Richa Maheshwari, The Economic Times
Bengaluru, 14 January 2016
Amazon is running a pilot programme on delivering packages in India’s biggest cities over distances of 3-5 km — by bicycle. It was debuted in Mumbai last month and has been expanded to Bengaluru, Hyderabad, Delhi and Chennai. The programme is set to be extended to more cities.
"Being conscious of the environment we live in, reducing carbon footprint is the need of the hour," said Samuel Thomas, director, transportation, Amazon India. "We have taken this eco-friendly step by introducing bicycle deliveries, which also helps delivery associates with easier access in congested metro cities."
The couriers ride geared bikes and carry packages of up to 7.5 kg per trip. With incentives, a bicycle messenger could earn about Rs 7,000 to Rs 8,500 a month compared with Rs 14,000 a month for those on motorbikes, according to people aware of compensation levels.
Online retail, which is being increasingly adopted by Indian shoppers, is expected to account for 3% of the total by 2020, according to a PwC report. Further, orders per million are expected to more than double from five million in 2013 to 12 million by 2016. While this will mean more opportunities for e-commerce companies, delivery staff will have to ensure goods reach buyers in time.
The US-based online retailer is working on novel methods of delivery, including Prime Air, "designed to safely get packages to customers in 30 minutes or less using small unmanned aerial vehicles, also called drones," according to its website.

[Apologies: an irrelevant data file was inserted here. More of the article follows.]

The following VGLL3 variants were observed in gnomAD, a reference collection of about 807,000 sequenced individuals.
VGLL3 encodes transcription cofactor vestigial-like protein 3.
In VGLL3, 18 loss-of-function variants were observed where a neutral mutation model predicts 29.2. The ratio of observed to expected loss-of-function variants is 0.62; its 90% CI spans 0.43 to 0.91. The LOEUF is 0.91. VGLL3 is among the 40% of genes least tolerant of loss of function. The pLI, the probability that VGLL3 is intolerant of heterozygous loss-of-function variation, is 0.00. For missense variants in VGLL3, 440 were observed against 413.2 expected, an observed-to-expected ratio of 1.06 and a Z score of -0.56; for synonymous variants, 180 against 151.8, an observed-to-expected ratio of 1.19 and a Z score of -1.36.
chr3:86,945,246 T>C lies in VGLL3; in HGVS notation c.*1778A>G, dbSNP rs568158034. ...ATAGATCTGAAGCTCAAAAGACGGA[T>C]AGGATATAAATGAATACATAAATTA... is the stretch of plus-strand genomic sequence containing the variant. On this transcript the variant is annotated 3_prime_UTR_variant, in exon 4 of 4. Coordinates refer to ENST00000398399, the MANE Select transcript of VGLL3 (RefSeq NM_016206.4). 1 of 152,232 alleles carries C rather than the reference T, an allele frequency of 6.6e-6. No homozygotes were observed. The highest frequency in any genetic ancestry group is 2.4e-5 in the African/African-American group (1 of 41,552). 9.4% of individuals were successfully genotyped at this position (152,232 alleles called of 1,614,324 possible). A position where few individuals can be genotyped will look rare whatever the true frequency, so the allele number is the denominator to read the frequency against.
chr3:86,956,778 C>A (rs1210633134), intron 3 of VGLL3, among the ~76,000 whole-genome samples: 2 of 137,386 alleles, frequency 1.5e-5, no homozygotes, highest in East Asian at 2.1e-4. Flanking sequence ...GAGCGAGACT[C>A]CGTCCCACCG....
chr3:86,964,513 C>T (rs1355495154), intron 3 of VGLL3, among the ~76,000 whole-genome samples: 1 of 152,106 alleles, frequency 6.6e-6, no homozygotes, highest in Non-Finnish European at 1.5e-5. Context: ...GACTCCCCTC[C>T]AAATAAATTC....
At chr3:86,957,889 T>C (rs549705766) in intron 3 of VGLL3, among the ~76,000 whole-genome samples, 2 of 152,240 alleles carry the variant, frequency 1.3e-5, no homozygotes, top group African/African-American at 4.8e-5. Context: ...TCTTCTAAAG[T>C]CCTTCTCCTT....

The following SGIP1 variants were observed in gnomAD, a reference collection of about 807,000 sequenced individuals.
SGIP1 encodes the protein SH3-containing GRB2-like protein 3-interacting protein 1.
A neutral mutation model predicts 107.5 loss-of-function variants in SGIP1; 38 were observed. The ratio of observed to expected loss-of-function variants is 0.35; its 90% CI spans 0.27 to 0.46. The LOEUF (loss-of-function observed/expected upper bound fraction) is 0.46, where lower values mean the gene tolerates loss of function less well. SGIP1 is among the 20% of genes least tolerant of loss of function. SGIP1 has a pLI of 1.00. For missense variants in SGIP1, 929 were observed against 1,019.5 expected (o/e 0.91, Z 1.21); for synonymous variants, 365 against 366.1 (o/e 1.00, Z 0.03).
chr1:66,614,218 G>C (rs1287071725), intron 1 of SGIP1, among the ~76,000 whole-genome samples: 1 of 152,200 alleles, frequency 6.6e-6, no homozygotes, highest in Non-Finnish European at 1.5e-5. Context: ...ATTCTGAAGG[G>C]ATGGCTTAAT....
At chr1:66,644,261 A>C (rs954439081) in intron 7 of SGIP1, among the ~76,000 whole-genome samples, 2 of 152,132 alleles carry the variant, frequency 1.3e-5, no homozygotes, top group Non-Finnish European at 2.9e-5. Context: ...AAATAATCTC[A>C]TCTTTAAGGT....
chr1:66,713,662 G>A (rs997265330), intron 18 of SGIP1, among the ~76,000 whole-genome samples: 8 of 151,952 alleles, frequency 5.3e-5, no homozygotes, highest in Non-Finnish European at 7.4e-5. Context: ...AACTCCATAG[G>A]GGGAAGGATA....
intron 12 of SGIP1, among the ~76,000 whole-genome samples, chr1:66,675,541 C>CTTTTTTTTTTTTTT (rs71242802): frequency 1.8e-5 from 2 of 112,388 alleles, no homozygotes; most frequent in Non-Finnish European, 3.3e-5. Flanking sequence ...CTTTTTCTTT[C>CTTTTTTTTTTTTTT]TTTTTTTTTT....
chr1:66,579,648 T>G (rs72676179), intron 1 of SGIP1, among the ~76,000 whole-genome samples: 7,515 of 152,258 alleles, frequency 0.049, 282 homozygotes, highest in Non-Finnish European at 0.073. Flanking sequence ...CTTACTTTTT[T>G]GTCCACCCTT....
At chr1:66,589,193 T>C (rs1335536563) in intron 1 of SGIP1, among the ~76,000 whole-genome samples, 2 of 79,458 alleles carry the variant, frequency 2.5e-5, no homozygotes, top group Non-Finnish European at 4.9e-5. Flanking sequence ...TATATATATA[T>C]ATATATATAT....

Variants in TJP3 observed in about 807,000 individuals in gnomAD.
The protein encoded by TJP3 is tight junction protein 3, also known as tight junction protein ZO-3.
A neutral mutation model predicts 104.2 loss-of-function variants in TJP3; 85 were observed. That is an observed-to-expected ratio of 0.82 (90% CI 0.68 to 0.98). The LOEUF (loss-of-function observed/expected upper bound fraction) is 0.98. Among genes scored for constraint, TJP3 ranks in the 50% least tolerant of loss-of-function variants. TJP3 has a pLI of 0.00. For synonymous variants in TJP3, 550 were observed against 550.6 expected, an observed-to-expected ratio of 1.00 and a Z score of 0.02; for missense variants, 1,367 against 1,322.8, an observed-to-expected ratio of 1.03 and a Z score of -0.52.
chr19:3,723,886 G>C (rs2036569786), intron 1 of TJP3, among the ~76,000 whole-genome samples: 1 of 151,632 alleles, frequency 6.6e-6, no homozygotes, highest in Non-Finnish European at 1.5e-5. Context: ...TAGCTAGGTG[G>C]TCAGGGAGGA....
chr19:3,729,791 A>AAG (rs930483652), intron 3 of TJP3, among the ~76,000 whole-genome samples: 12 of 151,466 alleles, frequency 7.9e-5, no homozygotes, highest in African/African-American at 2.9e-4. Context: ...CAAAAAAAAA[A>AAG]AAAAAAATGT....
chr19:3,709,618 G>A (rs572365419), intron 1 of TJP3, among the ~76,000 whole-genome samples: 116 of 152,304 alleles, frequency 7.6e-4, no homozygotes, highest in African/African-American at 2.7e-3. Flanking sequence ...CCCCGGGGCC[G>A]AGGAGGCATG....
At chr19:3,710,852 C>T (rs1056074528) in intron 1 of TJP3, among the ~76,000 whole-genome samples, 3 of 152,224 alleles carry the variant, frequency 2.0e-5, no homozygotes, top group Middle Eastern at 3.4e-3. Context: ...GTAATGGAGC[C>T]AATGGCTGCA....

The e-commerce giant is seeking delivery alternatives as logistics
costs rise, experts said.
"In India, the density of population is higher, hence
bicycles will help them reduce cost compared to motorcycles. Similarly,
in the US, since the market is less dense, air cargos will help
them reduce cost, reduce time and improve accuracy," said
Devangshu Dutta, chief executive officer of consultant Third Eyesight.
"The purpose is the same, how it is done is different, depending
on the geography." Amazon said using cycles was green and
enabled couriers to slip through traffic easier, when asked whether
this would allow it to lower costs.
"Our focus for this initiative was two pronged – to be eco-friendly and to be able to cut through congestion in metro cities," it said. "You’ll find more people who own bicycles or if need be can afford to purchase one. It is lighter on the pocket to own a bicycle compared to a bike. We will see how it goes with Amazon with respect to safety and then decide whether we want to add bicycles to our fleet or not," said Vijay Ghadge, chief operating officer of GoJavas, primary logistics arm of e-tailer Jabong.